Meredith Barrett, MD1, Dana Telem, MD, MPH1, Horacio Asbun, MD2, Michael Brunt, MD3. 1University of Michigan, 2Mayo Clinic Jacksonville, 3Washington University
Introduction: Bile duct injury (BDI) remains the most dreaded complication following cholecystectomy with serious repercussions for the surgeon, patient and entire healthcare system. In the absence of registries, the true incidence of BDI in the United States (US) remains unknown with most studies excluding large segments of the population or regions of the country. We aim to identify the incidence of BDI requiring operative intervention across all populations and regions in the US.
Methods: Utilizing the Truven Marketscan research database, 313,103 patients who underwent cholecystectomy in calendar years 2011 and 2012 were identified using ICD-9 procedure and diagnosis codes. Patients without 1-year of continuous enrollment in an insurance plan, those younger than 18, those with incomplete data and patients who carried a diagnosis of gastrointestinal or hepatobiliary malignancy were excluded. The resultant study population was 187,088 patients.Patients were then tracked for 1-year following procedure for BDI. BDI was identified by ICD-9 and CPT diagnosis and procedure codes for patients who subsequently underwent hepatectomy, hepaticojejunostomy, or other bile duct surgery.
Results: Out of the 187,088 patients who were included in the study, a total of 458 patients were identified with BDI (0.24%) that required operative intervention. The majority of injuries were identified at the time of the index procedure (n=329, 72%). Sixty-five injuries (14%) were identified within 30-days of surgery and the remainder (n=64, 14%) between 31 and 365 days following surgery. The overall operative complication rate within 30-days of surgery was 13.4% (n=25,163). The 3 most common complications occurring at the index procedure were intestinal disorders (1.2%), infection (1%) and shock (0.7%). The w most common complications identified at some point within 30-days of surgery included infection (2.7%), intestinal disorders (1.3%) and systemic inflammatory response syndrome (1.2%).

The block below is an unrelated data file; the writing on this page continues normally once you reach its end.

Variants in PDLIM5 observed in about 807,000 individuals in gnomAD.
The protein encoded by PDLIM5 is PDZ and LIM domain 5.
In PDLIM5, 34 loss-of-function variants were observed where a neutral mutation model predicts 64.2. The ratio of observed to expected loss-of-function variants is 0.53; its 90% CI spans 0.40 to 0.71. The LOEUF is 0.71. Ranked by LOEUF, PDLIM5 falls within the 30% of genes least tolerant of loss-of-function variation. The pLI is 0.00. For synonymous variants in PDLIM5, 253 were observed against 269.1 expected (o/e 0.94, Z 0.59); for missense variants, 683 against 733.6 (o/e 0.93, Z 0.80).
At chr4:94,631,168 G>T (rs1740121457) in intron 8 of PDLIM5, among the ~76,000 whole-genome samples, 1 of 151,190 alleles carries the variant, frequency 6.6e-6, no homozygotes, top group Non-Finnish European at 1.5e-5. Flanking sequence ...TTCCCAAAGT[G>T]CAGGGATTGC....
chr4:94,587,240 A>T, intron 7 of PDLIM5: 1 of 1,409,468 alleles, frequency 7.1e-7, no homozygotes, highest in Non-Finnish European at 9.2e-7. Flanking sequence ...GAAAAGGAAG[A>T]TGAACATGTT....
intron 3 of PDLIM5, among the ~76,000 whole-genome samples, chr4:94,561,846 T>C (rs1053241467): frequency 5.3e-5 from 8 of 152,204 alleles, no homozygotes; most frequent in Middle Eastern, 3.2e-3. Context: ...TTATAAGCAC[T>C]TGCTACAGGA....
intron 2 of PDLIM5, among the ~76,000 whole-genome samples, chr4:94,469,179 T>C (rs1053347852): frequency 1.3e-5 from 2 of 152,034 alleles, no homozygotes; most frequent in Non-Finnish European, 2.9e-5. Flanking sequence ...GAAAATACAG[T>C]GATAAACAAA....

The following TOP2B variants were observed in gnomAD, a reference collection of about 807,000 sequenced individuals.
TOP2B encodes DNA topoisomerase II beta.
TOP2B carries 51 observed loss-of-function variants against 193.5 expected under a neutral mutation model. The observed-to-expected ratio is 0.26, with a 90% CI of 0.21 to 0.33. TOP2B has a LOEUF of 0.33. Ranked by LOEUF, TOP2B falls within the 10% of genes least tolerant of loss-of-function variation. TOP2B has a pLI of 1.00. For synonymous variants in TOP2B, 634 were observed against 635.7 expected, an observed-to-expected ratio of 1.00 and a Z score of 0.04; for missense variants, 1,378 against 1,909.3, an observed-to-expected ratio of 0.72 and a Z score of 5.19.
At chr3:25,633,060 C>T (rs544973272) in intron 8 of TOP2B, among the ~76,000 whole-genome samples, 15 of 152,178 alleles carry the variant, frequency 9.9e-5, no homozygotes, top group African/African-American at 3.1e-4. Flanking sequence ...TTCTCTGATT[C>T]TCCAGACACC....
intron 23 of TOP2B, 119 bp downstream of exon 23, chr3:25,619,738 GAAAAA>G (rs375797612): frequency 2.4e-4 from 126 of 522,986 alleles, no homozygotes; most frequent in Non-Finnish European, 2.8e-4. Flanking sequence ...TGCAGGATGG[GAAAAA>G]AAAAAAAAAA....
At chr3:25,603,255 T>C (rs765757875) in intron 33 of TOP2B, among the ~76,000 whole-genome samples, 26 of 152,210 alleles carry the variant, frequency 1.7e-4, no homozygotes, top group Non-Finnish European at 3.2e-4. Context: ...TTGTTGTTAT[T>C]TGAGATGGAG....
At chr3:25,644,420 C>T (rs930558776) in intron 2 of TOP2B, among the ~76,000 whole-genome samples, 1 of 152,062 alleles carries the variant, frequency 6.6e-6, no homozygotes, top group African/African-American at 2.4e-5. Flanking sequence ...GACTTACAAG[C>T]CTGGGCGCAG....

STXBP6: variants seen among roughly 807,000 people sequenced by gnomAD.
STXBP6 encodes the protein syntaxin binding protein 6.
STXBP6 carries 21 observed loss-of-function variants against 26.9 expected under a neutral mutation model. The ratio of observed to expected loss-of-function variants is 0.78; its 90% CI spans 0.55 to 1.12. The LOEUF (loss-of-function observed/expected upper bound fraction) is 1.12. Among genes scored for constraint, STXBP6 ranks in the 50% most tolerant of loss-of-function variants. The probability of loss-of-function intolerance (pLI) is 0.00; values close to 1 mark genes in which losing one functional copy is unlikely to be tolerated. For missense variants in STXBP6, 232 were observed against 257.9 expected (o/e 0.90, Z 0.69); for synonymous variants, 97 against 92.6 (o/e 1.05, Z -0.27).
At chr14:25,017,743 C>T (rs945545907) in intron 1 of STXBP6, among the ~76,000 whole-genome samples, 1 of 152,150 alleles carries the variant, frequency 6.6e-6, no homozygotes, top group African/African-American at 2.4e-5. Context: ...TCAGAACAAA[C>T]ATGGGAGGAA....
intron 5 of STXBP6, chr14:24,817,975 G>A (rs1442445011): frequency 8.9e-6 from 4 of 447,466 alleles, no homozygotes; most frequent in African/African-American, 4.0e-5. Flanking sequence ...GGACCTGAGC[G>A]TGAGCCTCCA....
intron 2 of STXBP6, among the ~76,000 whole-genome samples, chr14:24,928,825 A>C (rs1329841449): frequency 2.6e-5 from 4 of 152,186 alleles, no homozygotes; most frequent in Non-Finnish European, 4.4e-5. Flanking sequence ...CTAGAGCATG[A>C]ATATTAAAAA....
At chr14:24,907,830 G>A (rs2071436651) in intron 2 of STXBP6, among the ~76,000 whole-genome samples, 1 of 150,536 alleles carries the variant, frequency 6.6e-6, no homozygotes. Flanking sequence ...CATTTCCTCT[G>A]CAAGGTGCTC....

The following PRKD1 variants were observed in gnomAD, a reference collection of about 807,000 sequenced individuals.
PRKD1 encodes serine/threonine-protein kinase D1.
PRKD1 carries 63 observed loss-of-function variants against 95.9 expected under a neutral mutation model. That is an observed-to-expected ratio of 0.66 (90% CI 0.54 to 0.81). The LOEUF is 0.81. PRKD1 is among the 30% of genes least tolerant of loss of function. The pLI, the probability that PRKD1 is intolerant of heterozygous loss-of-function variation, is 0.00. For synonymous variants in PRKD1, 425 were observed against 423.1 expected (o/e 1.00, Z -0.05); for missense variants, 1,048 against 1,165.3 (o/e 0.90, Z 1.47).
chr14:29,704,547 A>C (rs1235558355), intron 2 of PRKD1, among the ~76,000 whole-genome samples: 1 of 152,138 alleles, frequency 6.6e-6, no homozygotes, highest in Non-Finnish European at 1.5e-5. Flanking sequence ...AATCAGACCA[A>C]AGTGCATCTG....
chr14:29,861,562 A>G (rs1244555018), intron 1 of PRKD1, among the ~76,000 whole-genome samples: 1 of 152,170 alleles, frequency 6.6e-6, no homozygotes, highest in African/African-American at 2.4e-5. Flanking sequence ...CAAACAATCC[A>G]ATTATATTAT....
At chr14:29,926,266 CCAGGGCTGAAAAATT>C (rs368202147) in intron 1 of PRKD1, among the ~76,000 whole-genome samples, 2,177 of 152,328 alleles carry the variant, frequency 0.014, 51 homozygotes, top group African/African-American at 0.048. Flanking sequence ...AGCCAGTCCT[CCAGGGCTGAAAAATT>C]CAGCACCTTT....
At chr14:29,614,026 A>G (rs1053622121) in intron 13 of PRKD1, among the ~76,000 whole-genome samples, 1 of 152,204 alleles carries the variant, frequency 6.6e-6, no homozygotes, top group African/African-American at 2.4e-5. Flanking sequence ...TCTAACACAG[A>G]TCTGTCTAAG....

Conclusion: The major BDI rate requiring operative intervention remains at 0.24% in spite of increased experience with laparoscopic cholecystectomy. This incidence likely also underestimate the true BDI burden as it does not capture mortality, endoscopic and nonoperative treatment. Moreover, this procedure is associated with a 13% morbidity rate. These findings indicate an opportunity to improve the quality and safety of this operation. Continued attention to educational programs and techniques aimed at reducing patient harm and improving surgeon skill are imperative.
Presented at the SAGES 2017 Annual Meeting in Houston, TX.
Abstract ID: 80628
Program Number: S010
Presentation Session: Biliary
Presentation Type: Podium